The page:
Rafi Bukaee’s Avanti Popolo: Telling the War from the Traumatized Perpetrator’s Perspective

  • Yael Munk


Yael Munk analyzes the Israeli anti-war film, Avanti Popolo (1986), and argues that its director, Rafi Bukaee, focuses on the enemy perspective in order to work through his own perpetrator’s trauma as a reserve soldier. Utilizing both the film and an interview from the director as analytical basis, Munk makes the convincing case that the surrealistic narrative of Avanti Popolo as well as its emphasis on the enemy is proof that Bukaee is processing his own trauma from the war and is commenting on the role of the Israeli military more generally. Using a discrete, more chronologically distanced, and more socially uncontested war in Israel to tackle this issue, Bukaee manages to evoke compassion, humanism, and pity for all those involved in war, including the perpetrator, as Munk displays.



I wish to thank my research assistant Sigal Yona for her precious work, my friend Ms. Maayan Miloh, Rafi Bukaee’s widow for the various conversations we held about the film, and Ms. Michèle Driguez from the Montpellier Festival in France for providing me with a copy of the original interview quoted in this article.

Works Cited

  1. Anzaldúa, Gloria E. Borderlands/La Frontera: The New Mestiza. San Francisco: Aunt Lute Books, 1999 [1987].Google Scholar
  2. Bukaee, Rafi. “Rafi Bukaee: Shylock du desert.” Interview by Michèle Driguez and Henri Talvat, Cinema Mediterraneen Montpellier. Actes des 10e rencontres, 101–7. Montpellier: Federations des Oeuvres Laiques de l’Herault, 1989.Google Scholar
  3. Bursztyn, Igal. “Promesse de Bonheur in Nowhere: Fantasies of Art and Beauty in Israeli and Palestinian Films—Part 2.” Deliberately Considered, December 13, 2011.
  4. Caruth, Cathy. Unclaimed Experience: Trauma, Narrative, and History. Baltimore: Johns Hopkins University Press, 1996.Google Scholar
  5. Chapman, James. War and Film. London: Reaktion Book, 2008.Google Scholar
  6. Elsaesser, Thomas. “‘One Train May Be Hiding Another’: Private History, Memory and National Identity.” Screening the Past 6 (1999): 16.
  7. Fisher, David. Morality and War: Can War Be Just in the Twenty First Century. London: Oxford University Press, 2012.Google Scholar
  8. Gertz, Nurith. Motion Fiction: Israeli Fiction in Film [Sipur MeHaSratim: HaSiporet HaIsraelit VeYbudea LaKolnoa]. Tel-Aviv: The Open University Press, 1993.Google Scholar
  9. ———. “Avanti Popolo.” In The Israeli Cinema Book [Sefer HaKolnoa HaIsraeli], 2015 (Hebrew).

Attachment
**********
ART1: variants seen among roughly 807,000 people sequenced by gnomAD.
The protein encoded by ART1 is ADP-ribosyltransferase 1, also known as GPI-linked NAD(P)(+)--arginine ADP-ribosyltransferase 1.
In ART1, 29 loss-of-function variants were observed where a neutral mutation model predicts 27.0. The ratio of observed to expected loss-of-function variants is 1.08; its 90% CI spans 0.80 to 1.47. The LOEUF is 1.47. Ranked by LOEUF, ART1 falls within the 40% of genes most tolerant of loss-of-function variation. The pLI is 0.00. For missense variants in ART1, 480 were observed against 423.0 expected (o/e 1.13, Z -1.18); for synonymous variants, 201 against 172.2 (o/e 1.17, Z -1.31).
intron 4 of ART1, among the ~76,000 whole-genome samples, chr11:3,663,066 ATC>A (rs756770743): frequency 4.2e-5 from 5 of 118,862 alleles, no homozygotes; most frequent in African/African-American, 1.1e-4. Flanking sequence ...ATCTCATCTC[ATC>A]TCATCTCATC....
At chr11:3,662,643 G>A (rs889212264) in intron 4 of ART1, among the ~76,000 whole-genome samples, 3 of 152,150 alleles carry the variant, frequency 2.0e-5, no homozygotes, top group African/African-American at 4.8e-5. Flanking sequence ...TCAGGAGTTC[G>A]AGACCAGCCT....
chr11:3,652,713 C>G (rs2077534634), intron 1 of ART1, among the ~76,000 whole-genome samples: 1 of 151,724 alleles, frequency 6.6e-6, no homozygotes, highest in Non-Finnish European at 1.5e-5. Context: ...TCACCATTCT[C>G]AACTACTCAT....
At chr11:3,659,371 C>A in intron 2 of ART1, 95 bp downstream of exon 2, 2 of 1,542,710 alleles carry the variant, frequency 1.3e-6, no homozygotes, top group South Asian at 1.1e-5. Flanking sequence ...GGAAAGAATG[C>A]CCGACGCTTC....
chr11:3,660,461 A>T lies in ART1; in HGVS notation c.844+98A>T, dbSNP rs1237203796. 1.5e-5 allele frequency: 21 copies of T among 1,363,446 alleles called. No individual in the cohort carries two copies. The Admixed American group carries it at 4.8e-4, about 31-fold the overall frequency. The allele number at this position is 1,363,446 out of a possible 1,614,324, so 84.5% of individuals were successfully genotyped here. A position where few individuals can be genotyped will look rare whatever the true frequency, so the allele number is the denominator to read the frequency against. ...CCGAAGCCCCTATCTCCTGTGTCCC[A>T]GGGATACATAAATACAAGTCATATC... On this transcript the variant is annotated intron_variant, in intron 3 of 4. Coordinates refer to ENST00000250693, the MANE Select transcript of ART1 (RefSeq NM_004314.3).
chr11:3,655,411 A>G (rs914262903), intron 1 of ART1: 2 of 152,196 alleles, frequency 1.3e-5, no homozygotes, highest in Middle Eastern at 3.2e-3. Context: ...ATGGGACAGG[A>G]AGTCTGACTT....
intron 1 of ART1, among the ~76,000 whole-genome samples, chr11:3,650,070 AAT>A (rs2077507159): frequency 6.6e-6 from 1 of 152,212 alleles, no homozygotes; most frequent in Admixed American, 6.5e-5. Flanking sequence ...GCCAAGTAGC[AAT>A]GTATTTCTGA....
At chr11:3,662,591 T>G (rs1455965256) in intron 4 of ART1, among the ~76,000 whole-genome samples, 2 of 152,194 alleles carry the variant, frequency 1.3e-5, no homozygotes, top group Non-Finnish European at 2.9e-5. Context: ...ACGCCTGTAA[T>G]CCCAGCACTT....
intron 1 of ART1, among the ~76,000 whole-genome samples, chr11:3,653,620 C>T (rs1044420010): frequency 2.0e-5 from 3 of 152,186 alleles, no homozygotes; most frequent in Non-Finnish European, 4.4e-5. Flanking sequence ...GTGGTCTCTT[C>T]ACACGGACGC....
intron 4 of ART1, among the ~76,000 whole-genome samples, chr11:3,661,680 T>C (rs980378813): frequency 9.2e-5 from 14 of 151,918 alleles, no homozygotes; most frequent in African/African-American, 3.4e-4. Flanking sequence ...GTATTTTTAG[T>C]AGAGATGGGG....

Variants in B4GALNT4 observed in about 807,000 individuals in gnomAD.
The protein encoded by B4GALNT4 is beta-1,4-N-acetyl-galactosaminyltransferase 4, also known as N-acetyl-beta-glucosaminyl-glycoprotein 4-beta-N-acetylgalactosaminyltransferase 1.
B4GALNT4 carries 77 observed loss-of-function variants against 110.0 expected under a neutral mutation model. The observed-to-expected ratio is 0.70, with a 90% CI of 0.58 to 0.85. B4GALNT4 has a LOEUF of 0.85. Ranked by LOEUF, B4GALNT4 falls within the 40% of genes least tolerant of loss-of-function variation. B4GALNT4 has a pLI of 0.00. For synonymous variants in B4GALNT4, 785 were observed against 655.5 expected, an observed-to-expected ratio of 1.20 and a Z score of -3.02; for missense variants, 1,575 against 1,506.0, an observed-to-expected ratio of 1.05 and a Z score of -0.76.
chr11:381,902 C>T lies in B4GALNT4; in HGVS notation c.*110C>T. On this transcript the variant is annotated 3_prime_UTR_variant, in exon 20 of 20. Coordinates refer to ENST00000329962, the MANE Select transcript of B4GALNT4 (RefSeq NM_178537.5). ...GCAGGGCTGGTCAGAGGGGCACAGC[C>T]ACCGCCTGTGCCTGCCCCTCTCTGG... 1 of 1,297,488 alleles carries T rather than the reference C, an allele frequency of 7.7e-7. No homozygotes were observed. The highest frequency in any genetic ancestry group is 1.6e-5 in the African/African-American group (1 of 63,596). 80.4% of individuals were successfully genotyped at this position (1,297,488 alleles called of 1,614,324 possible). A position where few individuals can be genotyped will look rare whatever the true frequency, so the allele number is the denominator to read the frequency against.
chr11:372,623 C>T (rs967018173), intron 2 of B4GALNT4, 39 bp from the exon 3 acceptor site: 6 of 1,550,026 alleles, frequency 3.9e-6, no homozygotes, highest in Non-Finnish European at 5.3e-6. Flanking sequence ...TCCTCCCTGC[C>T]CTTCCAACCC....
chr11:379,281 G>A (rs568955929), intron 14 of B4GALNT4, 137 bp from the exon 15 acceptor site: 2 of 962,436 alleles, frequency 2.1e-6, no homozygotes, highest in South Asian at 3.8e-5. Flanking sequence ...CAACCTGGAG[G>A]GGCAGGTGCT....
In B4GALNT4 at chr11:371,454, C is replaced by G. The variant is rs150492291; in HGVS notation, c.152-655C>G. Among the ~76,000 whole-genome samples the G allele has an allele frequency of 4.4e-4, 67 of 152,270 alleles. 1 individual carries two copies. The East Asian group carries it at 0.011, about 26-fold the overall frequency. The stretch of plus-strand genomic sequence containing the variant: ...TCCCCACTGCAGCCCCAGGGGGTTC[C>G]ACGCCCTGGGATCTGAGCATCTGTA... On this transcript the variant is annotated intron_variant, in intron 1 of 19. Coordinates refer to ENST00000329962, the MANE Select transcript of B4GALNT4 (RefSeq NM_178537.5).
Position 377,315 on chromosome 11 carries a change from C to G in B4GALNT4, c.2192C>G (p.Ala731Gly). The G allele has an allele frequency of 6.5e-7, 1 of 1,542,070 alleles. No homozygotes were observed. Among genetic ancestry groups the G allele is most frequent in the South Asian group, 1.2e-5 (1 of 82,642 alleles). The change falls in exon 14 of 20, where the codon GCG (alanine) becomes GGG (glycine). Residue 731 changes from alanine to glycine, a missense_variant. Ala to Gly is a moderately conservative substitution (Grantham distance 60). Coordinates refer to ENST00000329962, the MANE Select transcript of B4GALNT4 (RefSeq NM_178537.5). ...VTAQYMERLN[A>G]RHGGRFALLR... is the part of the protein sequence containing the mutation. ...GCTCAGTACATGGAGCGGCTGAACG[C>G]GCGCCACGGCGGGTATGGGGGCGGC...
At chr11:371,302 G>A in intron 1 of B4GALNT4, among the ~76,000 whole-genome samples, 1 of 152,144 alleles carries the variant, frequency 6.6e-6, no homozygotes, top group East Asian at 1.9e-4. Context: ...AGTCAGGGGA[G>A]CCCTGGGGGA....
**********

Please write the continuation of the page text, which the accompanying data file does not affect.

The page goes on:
10. ———. “Between This Place and Other Places: The ‘Ethical Turn’ in Recent Israeli Cinema.” In Traces of Days to Come: Trauma and Ethics in Contemporary Israeli Cinema [Ikvot Iamim SheOd Iavohu: Trauma VeEthica BaKolnoa HaIsraeli HaAkhshavi], edited by Nurith Gertz and Raz Yosef, 213–42. Tel-Aviv: Am Oved, 2017 (Hebrew).Google Scholar
  11. Haaretz. “Speech by Anwar Sadat in the Knesset.” Accessed October 1, 2007.
  12. LaCapra, Dominick. Writing History, Writing Trauma. Baltimore: Johns Hopkins University Press, 2001.Google Scholar
  13. Neale, Steve. Film and Hollywood. London and New York: Routledge, 2000.Google Scholar
  14. Ne’eman, Judd, and Yael Munk. “Avanti Popolo: Battle Cry of the Fallen.” In Film and the Middle East and North Africa, edited by Josef Gugler, 177–86. Austin: University of Texas Press, 2011.Google Scholar
  15. Preminger, Aner. “The Arab Other in Israeli Cinema and Discourse.” Journalism and Mass Communication 2, no. 2 (February 2012): 412–20.Google Scholar
  16. Shakespeare, William. Hamlet: The Tragedy of Hamlet, Prince of Denmark. New York: Simon & Shuster Paperbacks, 1992 [1609].Google Scholar
  17. Shammas, Anton. “He Confused the Roles” [Hu Itbalbel BaTafkidim]. In Avanti Popolo, 7–17. Tel-Aviv: Kinneret Publishing House, 1990 (Hebrew).Google Scholar
  18. Shohat, Ella. Israeli Cinema: East/West and the Politics of Representation. Austin: University of Texas Press, 1989. Google Scholar
  19. Shuv, Yael. “The Palestinian as a Jew: A Repeat Dive to Avanti Popolo.Cinematheque no. 202 (January 2017): 8–10 (Hebrew).Google Scholar
  20. Turner, Victor. The Ritual Process: Structure and Anti-structure. New Brunswick and London: Transaction Publishers, 1969.Google Scholar


  1. 2001: A Space Odyssey. Directed by Stanley Kubrick. USA, 1968.Google Scholar
  2. Apocalypse Now. Directed by Francis Ford Coppola. USA, 1979.Google Scholar
  3. Avanti Popolo. Directed by Rafi Bukaee. Israel, 1986.Google Scholar
  4. Beaufort. Directed by Joseph Cedar. Israel, 2007.Google Scholar
  5. Beyond the Walls. Directed by Uri Barabash. Israel, 1984.Google Scholar
  6. Birth of a Nation. Directed by D.W. Griffith. USA, 1915.Google Scholar
  7. Cup Final. Directed by Eran Riklis. Israel, 1991.Google Scholar
  8. Every Bastard a King. Directed by Uri Zohar. Israel, 1968.Google Scholar
  9. Field Diary. Directed by Amos Gitai. Israel, France, 1982.Google Scholar
  10. Lebanon. Directed by Samuel Maoz. Israel, France, Germany, United Kingdom, 2009.Google Scholar
  11. On a Narrow Bridge. Directed by Nissim Dayan. Israel, 1985.Google Scholar
  12. Platoon. Directed by Oliver Stone. USA, 1986.Google Scholar
  13. The Deer Hunter. Directed by Michael Cimino. USA, 1978.Google Scholar
  14. Waltz with Bashir. Directed by Ari Folman. Israel, France, Germany, USA, Finland, Switzerland, Belgium, Australia, 2008.Google Scholar

Copyright information

© The Author(s) 2019

Authors and Affiliations

  • Yael Munk
    • 1
  1. 1.Department of Literature and ArtsThe Open University of IsraelRaananaIsrael

Personalised recommendations